Friday 21 September 2018

Panzer - and a tale of two tank platoons

Panzer is a detailed WWII tactical game published by GMT, hexes represent 100 metres of ground and counters represent individual tanks.

This post takes a slice of action to create a fictional insight into the experiences of two quite different tank platoons, one German, the other Soviet, that find themselves fighting for the same objective on a battlefield in late 1943.

The differences between the men’s training and their machines will hopefully come through as this system delights in such things and some aspects of the system will also get to be discussed.

please use the ‘read more’ tab for the rest of this post.

All references to places, characters and actions are fictional and any similarity to real world stuff is unintentional. The game would not normally operate with just two single platoons facing each other, usually a side would have at least one under-strength company, plus relevant support, but for the sake of this report, we have what we have!

It is late 1943 and the ravages of the German Citadel (Kursk) offensive and the subsequent Soviet counter-offensive have significantly reduced the strengths of both armies. Casualties have been heavy and as replacements start to feed into the depleted tank units, the new recruits must quickly learn their craft if they are to survive the initiation of battle.

Mladshiy Leytenant (Junior Lieutenant) Ivan Sokolov is a platoon commander by virtue of the fact that he has survived battle since mid July and is considered very experienced, indeed his driver and himself are the only survivors of the original platoon, which has just been brought up to strength of three tanks with the addition of two young crews who have completed their training at the Kurgan Tank School. The two new tanks are commanded by Aleksandr Smirnov and Maxim Popov.

Even at this stage of the war, Soviet tanker training is somewhat comparatively rudimentary, with each crew member only being trained in their specific role, such as driver or radio operator and the resulting lack of awareness in the roles of their fellow tankers puts them at a disadvantage to the Germans who were trained in doing each others jobs. Gunnery was a particularly weak area in Soviet training with perhaps just a few shells being fired off before being certified as ‘trained’ and being shipped off to the front line with their new tanks.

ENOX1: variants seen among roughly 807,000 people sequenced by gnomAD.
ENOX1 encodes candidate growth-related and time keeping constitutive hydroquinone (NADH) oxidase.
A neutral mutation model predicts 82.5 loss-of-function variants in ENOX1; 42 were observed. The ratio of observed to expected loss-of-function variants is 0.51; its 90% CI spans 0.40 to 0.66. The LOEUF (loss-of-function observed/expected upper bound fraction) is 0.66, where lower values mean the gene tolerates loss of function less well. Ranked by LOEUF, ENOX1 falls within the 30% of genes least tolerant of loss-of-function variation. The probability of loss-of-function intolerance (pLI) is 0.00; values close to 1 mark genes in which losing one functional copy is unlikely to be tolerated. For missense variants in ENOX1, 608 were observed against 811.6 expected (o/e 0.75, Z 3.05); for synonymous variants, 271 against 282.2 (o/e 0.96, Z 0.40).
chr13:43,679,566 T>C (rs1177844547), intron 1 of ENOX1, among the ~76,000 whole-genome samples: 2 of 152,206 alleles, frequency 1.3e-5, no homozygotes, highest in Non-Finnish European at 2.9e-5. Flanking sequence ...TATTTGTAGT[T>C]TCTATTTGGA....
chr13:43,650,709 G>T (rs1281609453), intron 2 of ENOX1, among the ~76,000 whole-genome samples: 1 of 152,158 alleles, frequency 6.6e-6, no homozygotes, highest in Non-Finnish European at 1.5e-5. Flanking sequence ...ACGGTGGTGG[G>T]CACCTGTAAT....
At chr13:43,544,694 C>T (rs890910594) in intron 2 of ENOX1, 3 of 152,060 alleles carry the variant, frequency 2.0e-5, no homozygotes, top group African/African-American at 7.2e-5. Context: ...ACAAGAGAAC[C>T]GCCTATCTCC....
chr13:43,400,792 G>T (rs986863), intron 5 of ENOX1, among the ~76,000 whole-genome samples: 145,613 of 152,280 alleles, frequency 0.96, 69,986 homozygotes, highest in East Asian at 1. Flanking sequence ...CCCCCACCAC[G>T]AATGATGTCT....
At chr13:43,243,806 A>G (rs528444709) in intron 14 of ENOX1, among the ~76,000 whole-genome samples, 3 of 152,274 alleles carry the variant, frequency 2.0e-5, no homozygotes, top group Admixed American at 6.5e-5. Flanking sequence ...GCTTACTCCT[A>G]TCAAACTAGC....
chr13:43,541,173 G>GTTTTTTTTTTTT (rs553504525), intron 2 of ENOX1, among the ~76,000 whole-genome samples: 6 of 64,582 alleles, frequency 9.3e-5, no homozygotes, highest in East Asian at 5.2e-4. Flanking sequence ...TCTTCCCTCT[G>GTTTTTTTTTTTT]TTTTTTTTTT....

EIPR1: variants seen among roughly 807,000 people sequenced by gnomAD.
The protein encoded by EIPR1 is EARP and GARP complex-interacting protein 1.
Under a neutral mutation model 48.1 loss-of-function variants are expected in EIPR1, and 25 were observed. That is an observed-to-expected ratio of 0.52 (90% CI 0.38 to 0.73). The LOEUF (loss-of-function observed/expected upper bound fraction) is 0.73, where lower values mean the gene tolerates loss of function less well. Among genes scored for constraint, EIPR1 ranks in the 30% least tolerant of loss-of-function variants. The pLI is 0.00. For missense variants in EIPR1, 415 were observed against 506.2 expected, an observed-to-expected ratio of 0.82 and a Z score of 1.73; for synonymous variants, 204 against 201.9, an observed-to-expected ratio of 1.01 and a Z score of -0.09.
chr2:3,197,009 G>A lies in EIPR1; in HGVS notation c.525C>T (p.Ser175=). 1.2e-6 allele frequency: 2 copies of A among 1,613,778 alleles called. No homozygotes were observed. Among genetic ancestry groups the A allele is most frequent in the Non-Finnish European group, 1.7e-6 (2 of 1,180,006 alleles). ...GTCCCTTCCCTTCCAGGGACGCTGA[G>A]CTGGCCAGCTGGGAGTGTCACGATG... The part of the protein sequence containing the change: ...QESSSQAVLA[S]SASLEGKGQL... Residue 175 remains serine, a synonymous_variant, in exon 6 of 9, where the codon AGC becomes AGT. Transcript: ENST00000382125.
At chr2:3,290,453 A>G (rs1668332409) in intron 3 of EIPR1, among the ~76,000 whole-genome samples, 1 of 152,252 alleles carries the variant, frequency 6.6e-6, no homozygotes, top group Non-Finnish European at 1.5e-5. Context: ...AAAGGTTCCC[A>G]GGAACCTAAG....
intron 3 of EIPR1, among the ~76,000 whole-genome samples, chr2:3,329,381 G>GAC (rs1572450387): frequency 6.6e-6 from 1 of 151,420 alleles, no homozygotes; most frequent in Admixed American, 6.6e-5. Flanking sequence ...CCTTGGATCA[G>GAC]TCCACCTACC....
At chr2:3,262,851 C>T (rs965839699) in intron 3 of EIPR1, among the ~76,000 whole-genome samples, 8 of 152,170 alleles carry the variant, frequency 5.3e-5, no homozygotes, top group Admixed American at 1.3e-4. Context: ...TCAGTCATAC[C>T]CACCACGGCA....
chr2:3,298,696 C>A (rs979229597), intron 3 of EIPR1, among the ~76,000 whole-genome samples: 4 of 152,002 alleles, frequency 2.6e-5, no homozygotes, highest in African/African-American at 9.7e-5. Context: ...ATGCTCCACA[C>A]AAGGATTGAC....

This platoon is part of an assault brigade and is equipped with the heavy KV-1S, a design perhaps  showing its age compared to the more versatile, cheaper and newer ‘D’ models of the T-34, but its thick frontal turret armour could still be a challenge for German medium tanks. For the sake of this scenario, despite two of the replacement tank crews being ‘green’, we will class the unit as being Regulars  (1 class higher) due to Ivan Sokolov’s own capability and experience, but if he is lost in battle, the formation status will immediately drop to green.

Oberleutnant (1st Lieutenant) Otto Müller has been a platoon commander for thirteen months and for much of that time has been in continual action, the only break coming from a short period of leave and a battalion re-fit in May. His rank was gained following 12 weeks of infantry training, followed by 4 further months of tank training.

His platoon is somewhat depleted from recent fighting, now having just three operative PzIVG tanks. Two of his tanks, including his own (the other commanded by Gerhard Schmidt), have old and tested crews, but the third vehicle (commanded by Herbert Schneider) has a young crew that has only been in action for around five weeks. Schneider’s crew trained for several months at the Panzertruppenschule II at Wünsdorf in Germany and were then transferred to a reserve battalion for further training in gunnery and manoeuvres.

They were posted to Otto Müller’s platoon as well rounded tankers and have performed to Otto's approval in the recent fighting. Overall the platoon maintains a high confidence in their own abilities, though they are becoming increasingly aware that their kit is in need of an upgrade to the new PzIVH model that has started to appear in greater numbers amongst front-line units. Never-the-less, this platoon is considered veteran.

In this small corner of the ferocious east front, three days of intense fighting has seen both sides settle to consolidate their positions, while reinforcements and resupply are organised, though at the local level, commanders are still probing in force to secure avenues of approach that will be essential when the fighting re-starts. The heavy autumn rains are just days away and so hard crossing points over a local stream need to be captured in anticipation of the area soon becoming a muddy quagmire.  One of these bridges sits just 300 metres away from village of Kurhva and both sides want it.

It is 0915 hours on Sunday 3rd October 1943 and Ivan Sokolov’s newly arrived KV platoon have entered woods that are local to the bridge. They will take up defensive firing positions at the woods edge, while waiting for assault guns and infantry to move up to this staging area for the planned attack on the bridge and town at 1100 hours.

Otto Müller’s platoon have orders to take the high ground (Hill A.14) that overlooks both the town and the bridge. He is following a dry earth trail that will take his unit through a short 400 metre depression behind the hill to conceal his movement. The rest of his company is expected within the hour. They will then support an assault against the town headed by two companies of panzer grenadiers.